FASPic013
The Joy of Deviation: You Can’t Fill a Rut While You’re Still Walking In It

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TRANSCRIPT:

I’m Cari Ray, welcome to For a Song and here we are at the start of another year in the life. And as I thought about what I wanted to cover in this edition, I considered topics in kind…beginnings, retrospectives, resolutions and the like. But to tell you true, I’ve never really been much of a new years resolver. Not that I don’t believe in the value of setting goals and vigorously chasing them, I think it’s more of the calendaring component that doesn’t really resonate with me. No big surprise there. My relationship with time has always been a little more fluid…naturally, and lately with more impetus. So likewise, my resolutions come whenever I notice value in making them.

As I think I’ve mentioned before, one of them is to spend more time with the music of other artists and, when possible, the artists themselves. To that end, I’ve signed on recently to some songwriter rounds…a round is a show where a few songwriters (usually 2-4) sit together onstage with an instrument (often a guitar) and take turns playing their original songs. I love doing these and hearing other folks’ tunes, but my favorite part is hanging out before and after talking shop. A frequent topic of conversation is about process, and while there are certainly similar threads that run through those conversations, I’m always amazed by the broad spectrum of approach, priority and focus across the songwriting community.

I found some of that to be dependent on genre or style. For example, the approach to write a hit bluegrass song might be very different than that to write a hit R&B song. With singer-songwriters, it can also depend greatly on that person’s core competency. For example, while also an instrumentalist, I am first and foremost a singer and storyteller. As a result, historically, my process has had a strong focus on lyrical hook and melody…the rhythm, often a derivative of the lyrical phrasing, and harmonic content are then slid in underneath these elements. By contrast, I have a good friend who’s core competency is as a guitar player. So his primary, initial focus when writing a song is on the guitar…melodic hooks, rhythm, riffs and licks. The melody, often born of the guitar part, and lyrics follow and are laid on top of that foundation.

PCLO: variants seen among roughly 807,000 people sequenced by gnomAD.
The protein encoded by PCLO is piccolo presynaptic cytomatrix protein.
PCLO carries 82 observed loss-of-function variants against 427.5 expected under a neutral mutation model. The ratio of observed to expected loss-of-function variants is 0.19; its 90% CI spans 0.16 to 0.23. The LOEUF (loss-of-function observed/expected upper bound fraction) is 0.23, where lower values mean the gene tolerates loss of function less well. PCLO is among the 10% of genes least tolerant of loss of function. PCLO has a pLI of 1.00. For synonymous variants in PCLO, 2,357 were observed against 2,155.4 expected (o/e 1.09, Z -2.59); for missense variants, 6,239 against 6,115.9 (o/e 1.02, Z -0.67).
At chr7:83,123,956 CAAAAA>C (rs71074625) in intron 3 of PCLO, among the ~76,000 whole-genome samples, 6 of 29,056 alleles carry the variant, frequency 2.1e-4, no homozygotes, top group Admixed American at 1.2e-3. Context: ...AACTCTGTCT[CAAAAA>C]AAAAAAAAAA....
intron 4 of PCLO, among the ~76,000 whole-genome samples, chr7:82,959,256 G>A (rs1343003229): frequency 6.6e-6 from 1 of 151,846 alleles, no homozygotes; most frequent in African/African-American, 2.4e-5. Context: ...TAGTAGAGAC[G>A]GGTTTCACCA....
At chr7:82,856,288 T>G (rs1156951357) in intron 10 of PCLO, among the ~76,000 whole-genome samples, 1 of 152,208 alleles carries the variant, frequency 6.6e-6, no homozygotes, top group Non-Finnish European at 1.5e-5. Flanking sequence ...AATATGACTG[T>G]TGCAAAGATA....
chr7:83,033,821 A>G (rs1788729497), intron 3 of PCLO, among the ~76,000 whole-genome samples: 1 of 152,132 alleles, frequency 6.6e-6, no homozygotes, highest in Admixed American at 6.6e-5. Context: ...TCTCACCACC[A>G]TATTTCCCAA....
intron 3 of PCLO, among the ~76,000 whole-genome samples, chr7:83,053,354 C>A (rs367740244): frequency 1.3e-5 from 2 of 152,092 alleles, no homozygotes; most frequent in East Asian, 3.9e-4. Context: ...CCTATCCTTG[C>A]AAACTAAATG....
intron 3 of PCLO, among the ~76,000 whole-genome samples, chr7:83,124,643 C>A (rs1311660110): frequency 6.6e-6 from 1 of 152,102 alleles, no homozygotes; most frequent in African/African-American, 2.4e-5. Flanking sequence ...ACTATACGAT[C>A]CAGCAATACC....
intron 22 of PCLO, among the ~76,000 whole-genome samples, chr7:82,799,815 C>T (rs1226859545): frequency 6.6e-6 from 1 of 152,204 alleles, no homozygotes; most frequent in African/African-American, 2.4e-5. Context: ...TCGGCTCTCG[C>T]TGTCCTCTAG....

There’s no right or wrong thing to focus on, and ultimately, strength in all of these elements is required to result in a great song. But once you learn to listen critically, you’ll find that the net result is heavily influenced by the initial focus. An while there are anomalies, I often find that songwriters don’t deviate much from their “formula.” In fact, I realized a couple of years ago that I really hadn’t. And I wondered what might happen if I shook things up a bit. Sooooo, I RESOLVED to find out…just randomly, NOT because it was Jan 1. I began making changes. From something as small and simple as going to a different and specific location to write to starting with an entirely different focus for me…like rhythm…or beginning to study different techniques of playing guitar…like fingerstyle…to add something fresh. From time to time in future installments of For a Song, I will share some of my favorite deviations with you.

For now, whether your into songwriting, prose, poetry, choreography, fine art, or any other creative pursuit, try a little deviation…a change of venue, a reordering of your process, a change of primary focus. Even if, in the end, you come full circle to your trodden trail my fellow Brown Countians, you know as well as I that getting lost in the woods for a spell can be just the restorative thing the doctor wasn’t wise enough to order.

I’m Cari Ray, wishing you Godspeed and hoping you’ll join me next time on For a Song.